Informing Contexts Week 1 Activity: Photography, Photographies

This week we were asked to consider what a photograph is through studying the viewpoints of Szarkowski, Shore and Squires with the two former being more traditionalist and the latter encouraging experimental approaches. I have found it challenging to place my own opinion in the contexts of theirs. When I think I am relating well to the classification systems proposed by Szarkowski (the thing, detail, frame, time, vantage point) and Shore (physical, depictive (flatness, frame, time, focus), mental) as I like structure and definition I reflect on my images and recent experimentation which, although not as extreme as some of Squires exhibition examples, veer towards a freeing up from traditional and perhaps more comfortable containment.

So in answer to where my views lie and where does my style of image taking fit I think it would be right to say that I am traditionalist in feeling safer abiding by conventions but have a yearning to be more experimental in order to see what creativity is waiting to emerge and how far I can go with this ‘breaking out’.

Sarah Newton 2017
Sarah Newton 2017

Two plastic bags one ‘as taken’ and one digitally processed. The former shows the problem with littering but seems boring and is like thousands of other seen in recent times The latter could be considered more artistic and might be preferable as a wall hanging or fabric design but does not give out messages such as ‘take your litter home’ or ‘ban single use plastics’ in the same way or to the same extent.

When I first looked at this activity I turned it around to first examine what my views of a photograph are and how the three aforementioned authors fitted into my conceptual system rather than seeing how my work fits into theirs. Some hours later I now have a working grid (my liking of structure and neat containment) and have placed their view into my squares! Several points have emerged:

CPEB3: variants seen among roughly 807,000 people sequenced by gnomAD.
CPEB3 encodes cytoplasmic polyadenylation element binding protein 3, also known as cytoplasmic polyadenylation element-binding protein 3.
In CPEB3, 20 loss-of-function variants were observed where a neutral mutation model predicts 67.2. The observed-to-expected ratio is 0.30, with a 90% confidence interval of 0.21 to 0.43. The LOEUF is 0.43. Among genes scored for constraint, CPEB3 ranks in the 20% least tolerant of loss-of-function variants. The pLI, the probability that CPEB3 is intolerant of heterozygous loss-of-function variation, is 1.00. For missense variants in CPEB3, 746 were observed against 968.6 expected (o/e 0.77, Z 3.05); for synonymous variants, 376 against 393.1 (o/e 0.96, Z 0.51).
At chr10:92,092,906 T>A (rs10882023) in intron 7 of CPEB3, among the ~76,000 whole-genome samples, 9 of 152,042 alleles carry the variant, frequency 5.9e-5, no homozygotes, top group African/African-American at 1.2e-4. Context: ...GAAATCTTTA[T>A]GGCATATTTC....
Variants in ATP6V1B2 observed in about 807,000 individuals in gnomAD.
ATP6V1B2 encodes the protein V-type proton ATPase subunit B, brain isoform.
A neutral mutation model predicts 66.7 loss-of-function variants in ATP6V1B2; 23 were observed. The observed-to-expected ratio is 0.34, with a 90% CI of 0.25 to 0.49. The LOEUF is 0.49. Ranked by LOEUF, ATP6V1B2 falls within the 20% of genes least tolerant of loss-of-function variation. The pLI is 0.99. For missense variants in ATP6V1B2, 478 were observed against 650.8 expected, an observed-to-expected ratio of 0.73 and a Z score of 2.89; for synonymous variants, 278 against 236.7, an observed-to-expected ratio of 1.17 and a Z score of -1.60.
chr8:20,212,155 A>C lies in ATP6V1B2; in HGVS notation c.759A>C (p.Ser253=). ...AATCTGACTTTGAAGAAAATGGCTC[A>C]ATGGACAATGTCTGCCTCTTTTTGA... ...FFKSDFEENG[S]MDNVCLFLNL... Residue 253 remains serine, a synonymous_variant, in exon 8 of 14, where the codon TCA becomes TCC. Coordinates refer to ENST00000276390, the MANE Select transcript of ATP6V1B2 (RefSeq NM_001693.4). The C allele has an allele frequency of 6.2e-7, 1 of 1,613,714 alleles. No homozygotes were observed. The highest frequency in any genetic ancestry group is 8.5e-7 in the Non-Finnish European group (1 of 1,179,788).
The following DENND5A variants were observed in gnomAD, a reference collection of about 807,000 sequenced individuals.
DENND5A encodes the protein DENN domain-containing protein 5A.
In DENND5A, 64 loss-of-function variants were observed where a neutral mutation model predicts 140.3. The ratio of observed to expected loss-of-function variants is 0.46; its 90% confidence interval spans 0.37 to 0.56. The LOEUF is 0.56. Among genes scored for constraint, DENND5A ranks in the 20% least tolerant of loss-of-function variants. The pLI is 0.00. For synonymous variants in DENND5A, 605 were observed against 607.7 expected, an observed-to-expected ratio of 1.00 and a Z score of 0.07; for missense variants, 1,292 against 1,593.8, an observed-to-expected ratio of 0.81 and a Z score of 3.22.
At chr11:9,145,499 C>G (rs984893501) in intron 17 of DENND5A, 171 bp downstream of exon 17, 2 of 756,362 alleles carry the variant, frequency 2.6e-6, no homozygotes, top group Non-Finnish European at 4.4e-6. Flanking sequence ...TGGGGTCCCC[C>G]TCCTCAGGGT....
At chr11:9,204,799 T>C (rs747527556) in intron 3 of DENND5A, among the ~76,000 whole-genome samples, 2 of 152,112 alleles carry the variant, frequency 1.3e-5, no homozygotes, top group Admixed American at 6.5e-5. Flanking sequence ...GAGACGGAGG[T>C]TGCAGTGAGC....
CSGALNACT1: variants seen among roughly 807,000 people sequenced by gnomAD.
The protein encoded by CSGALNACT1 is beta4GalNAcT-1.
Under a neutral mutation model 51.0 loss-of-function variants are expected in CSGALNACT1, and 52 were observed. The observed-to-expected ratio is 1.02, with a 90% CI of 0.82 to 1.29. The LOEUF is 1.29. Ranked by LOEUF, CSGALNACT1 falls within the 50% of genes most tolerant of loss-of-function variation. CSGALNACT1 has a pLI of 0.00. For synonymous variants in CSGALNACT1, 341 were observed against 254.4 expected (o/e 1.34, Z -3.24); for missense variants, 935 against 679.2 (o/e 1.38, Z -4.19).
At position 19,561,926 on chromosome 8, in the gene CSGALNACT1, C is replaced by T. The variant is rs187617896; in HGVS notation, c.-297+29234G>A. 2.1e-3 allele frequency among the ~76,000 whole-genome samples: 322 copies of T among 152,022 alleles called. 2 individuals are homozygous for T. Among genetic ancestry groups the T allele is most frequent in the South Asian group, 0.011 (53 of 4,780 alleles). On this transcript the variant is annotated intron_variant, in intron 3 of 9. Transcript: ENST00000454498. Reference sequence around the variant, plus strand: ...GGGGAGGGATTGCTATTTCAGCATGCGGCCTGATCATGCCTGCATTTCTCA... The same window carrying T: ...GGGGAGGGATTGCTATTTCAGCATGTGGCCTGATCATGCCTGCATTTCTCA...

1. Szarkowski and Shore are primarily focussed on the photographer’s intention to take the perspective of recipient/viewer when taking photographs to be viewed whereas Squires appears to place emphasis on the photographers inclinations and intentions and need to express themselves whether or not this accords with engaging viewers.
2. Szarkowski and Shore seem to focus on two senses, vision and emotion. In my conceptualisation I include all the senses as important in a photograph. An image can invoke experiences relation to seeing, hearing, taste, touch and feeling/emotion. Some experiences may be bound by the capability of our imaginations and will have been shaped by genetics and lived experiences, hence minimal or no effect for some viewers and intense experiences for others in relation to the same stimulus. Sensual experiences are for me also heightened according the way in which the image is presented. For example, in Unseen Amsterdam 2017 I was drawn to and intrigued by forest landscapes stretched over shaped blocks of wood (Sylvie Bonnot, 2017), the puzzling wooden images of Theis Wendt (2017) and the sculptured landscape portrayals of Michel Le Belhomme (2017).

Sylvie Bonnot 2017
Theis Wendt 2017
Michel Le Belhomme 2017

3. Squires promotes the potential inclusion of more senses (sounds and touch as well as vision and emotion) as well as evidencing the position of the photographer showing something of their memory/lived experiences, their drive to give pleasure, to challenge the status quo, to tell a truth, improve skills/creativity, freeze a moment of personal/potential shared significance and secure and actualise commercial gain.
4. Light and colour, particularly in relation to actualising and enhancing the sensory experience when viewing an image/creation are important to me. Squires opinions are perhaps most likely to accord with mine in this respect.
Shore postulates about the ways in which technological advancements have enabled frozen and stilled moments in time, this being more in accord with Squires frozen moments than Szarkowski’s visual climax.